Another brand-specific piece of technology has many of the same effects, absorbing shock for an easier run. We’re talking about the Parallel CloudWave frame built into the midsole. It flattens the insoles at the back foot, having a slight convex at the back to match the rounded shape of our heel. At the front of the shoe, an L-shaped medial side extension supports neutral runners who struggle with late pronation.
The uppers are Mizuno’s own Waveknit type, which is used for many of their shoes since it can stretch and hold in equal measure. This makes the shoes durable whilst still allowing for some give, which is where the true strength is when you’re carrying heavyweights. It also has a set of mesh panels at the center, under the lacing and above the toe bed, to keep them breathable and cool.
- Mizuno Wave foam adds longevity to your running endurance.
- U4ic midsoles provide shock attenuation, making for a smoother ride.
- Parallel CloudWave tech positions your heels flat whilst also cushioning against impact shock.
- Waveknit uppers are capable of both stretching and holding when it needs to.
- The sizing of these shoes run large, so you might want to factor that into your purchase.
- Inspired by our Iconic wave technology, Mizuno introduces the 2nd WAVEKNIT. With wave construction as it's base, WAVEKNIT provides a natural and dynamic fit through stretch and hold abilities
- Waveknit upper design stretches and moves with your foot like no other knit running shoe out there while remaining breathable and cool
- Mizuno WAVE: Wave sets the standard for running shoe technologies. Given that it less reliant on midsole foam due to wave technology your last mile in the rider should feel as great as the first
Here we have yet another pair of sneakers with an eye-catching color scheme, the Under Armour TriBase Reign 2.0 Trainers. As the second model in this particular series, Under Armour has had the advantage of working with the feedback received from the first version of these stable shoes.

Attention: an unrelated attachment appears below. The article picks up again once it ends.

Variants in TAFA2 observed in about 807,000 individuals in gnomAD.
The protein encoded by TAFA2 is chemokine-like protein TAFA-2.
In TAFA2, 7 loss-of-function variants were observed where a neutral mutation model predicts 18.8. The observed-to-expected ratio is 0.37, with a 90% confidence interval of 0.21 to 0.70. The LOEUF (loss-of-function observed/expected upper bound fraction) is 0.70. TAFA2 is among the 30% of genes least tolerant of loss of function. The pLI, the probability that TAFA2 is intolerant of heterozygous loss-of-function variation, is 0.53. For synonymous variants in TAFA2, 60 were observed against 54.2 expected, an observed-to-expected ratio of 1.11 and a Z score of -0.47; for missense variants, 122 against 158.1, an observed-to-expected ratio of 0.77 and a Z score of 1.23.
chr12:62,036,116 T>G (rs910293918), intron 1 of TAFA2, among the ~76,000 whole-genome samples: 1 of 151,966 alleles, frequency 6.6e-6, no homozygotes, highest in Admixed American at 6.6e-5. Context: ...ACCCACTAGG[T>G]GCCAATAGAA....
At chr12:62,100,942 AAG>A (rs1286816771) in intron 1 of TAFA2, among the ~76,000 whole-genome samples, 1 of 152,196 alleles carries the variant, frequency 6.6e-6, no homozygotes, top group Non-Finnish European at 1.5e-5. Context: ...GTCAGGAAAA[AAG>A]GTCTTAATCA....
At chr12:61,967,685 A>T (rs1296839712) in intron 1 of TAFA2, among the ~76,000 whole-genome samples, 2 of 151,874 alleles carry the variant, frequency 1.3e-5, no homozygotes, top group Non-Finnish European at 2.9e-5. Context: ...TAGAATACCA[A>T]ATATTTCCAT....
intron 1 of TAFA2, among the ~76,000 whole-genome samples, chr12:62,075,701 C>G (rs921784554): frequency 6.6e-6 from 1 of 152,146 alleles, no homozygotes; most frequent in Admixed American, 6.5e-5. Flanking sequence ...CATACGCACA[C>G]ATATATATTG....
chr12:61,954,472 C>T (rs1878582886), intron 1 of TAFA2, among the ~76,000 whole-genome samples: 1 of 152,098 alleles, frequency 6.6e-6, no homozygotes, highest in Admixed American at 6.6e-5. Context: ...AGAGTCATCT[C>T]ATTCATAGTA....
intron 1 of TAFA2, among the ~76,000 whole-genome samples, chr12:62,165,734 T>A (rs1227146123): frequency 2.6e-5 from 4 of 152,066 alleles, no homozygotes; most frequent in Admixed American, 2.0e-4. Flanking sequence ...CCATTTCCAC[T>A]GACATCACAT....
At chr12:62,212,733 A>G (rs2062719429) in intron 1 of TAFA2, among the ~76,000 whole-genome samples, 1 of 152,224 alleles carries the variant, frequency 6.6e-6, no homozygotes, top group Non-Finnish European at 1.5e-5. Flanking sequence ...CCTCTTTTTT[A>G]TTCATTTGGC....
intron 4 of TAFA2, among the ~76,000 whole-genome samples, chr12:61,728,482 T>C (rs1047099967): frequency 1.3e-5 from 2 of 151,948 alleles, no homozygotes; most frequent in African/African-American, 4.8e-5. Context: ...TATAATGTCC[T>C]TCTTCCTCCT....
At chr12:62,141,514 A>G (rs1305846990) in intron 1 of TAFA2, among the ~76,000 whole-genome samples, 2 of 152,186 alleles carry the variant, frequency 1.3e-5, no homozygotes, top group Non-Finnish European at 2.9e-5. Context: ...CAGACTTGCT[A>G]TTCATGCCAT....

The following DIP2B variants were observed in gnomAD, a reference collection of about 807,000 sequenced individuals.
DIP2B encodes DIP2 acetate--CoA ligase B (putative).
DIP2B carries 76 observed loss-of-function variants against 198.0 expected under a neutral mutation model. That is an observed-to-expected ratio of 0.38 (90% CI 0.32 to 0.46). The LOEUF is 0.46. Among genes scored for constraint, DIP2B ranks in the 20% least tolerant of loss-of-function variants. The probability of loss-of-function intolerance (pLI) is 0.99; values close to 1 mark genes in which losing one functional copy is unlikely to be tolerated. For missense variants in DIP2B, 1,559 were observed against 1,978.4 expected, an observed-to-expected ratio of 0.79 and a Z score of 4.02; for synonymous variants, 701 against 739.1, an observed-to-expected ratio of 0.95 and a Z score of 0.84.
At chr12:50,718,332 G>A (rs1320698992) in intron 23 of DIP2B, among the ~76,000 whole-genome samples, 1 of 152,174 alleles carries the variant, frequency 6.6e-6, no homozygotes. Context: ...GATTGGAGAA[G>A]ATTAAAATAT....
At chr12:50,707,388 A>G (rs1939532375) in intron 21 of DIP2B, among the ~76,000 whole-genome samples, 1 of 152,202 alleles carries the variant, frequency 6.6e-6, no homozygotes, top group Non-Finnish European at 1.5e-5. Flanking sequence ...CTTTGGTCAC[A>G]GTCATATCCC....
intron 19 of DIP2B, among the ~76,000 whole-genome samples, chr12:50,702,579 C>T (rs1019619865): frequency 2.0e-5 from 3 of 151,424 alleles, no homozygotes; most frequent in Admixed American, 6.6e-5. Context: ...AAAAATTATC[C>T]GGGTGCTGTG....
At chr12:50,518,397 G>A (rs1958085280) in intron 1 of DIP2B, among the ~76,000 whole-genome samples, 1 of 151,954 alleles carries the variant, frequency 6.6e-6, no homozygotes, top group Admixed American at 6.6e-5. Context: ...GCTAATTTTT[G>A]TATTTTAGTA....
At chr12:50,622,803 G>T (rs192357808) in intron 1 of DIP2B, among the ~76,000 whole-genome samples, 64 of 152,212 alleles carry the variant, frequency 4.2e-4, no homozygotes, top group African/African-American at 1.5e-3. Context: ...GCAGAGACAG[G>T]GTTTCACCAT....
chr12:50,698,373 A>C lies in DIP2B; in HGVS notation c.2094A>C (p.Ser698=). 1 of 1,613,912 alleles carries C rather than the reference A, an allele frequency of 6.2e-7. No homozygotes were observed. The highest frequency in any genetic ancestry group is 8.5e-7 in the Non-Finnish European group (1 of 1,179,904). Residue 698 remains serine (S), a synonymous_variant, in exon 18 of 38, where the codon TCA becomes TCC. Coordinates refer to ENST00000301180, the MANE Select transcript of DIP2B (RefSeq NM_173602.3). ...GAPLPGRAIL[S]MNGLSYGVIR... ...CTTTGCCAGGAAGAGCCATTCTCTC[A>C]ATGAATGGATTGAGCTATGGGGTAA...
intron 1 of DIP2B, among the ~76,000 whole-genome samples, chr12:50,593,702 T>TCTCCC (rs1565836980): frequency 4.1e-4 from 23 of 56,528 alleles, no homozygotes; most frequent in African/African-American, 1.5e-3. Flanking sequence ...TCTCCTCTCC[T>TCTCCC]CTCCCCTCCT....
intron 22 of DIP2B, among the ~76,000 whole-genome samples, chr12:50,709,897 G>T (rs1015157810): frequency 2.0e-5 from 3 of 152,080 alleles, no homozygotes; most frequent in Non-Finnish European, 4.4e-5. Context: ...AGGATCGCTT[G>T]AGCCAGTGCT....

They’re stable because of their triangular base, hence why they’re called the TriBase, which adds support to the rear of these shoes via a bolstered heel counter. The TriBase encourages upwards flexibility whilst running and downwards flexibility when lifting. That counter works with this downwards flexibility to make heel lock-in so much easier and more stable, keeping your feet firmly still in the shoe when you’re shifting weight.
Inside the shoes, at the midsole, you’ll find Under Armour’s Micro G foam. As is the goal of all foam, it cushions your feet and adds some comfort to these shoes, all whilst adding a slight bounciness that quite literally puts a spring in your step.
As for the bottoms of these shoes, they have a full rubber outsole that extends up and over the sides of the shoes. The fact they’re made of nothing, but rubber ensures that they’re durable when striking the floor whilst having a gummy flexibility to them when needed. If that wasn’t enough, the bottom of the outsoles has a sawtooth patterning that grips the ground during weightlifting, making slippage a non-issue.
The insoles of these shoes are flat and relatively unpadded, making them unfit for intense, prolonged running sessions. They should be fine for lighter runs and work well with weights, but these aren’t marathon running shoes.
- TriBase and thick heel counter encourages downwards flexibility and heel lock-in.
- Micro G foam midsole runs the length of the whole shoe and gives them a slight bounce.
- Full-rubber outsole wraps up the sides for greater durability and abrasion resistance.
- Sawtooth outsole pattern generates friction with the floor which is great for weightlifting.
- Flat soles aren’t great for intense, prolonged running.
- UA TriBase in the outsole maximizes ground contact where your foot needs it the most, allows for superior upwards flexibility to promote natural motion, & downwards flexibility to grip the ground...
- Larger external heel counter & collar height for increased stability & heel lock-in
- Engineered zonal flex & traction in the forefoot allows for greater mobility during short runs & added grip during planks & sled pushes
At our fourth spot is the New Balance Minimus 10 V1 Trail Running Shoe. New Balance is renowned for its stability-oriented shoes and these models aren’t an exception, especially given that they’re trail running sneakers designed for some outdoor uses.
So why is it on this list if it’s a trail running shoe? What you’re looking for in gym shoes, and weightlifting shoes, in particular, is stability and a healthy grip on the ground beneath you, because the last thing you want to do when holding a heavyweight is slip. That’s why we think the Minimus, as a trail shoe, is a decent option for weightlifting.
What sets these apart from other shoes on this list is the fact that they have a four-millimeter heel-to-toe drop. This cushions your feet for short to medium length running, as trail running and hiking would require, but also eliminate ground feedback and provide enough stability to be suitable for gym use.
This is made even better by the Vibram outsoles of these shoes, a circle-based traction pattern that has a great grip when used on synthetic surfaces, like the floor of a gym. This makes slipping much less likely, keeping you stable so that you can break your personal bests without any worry of dropping the weight.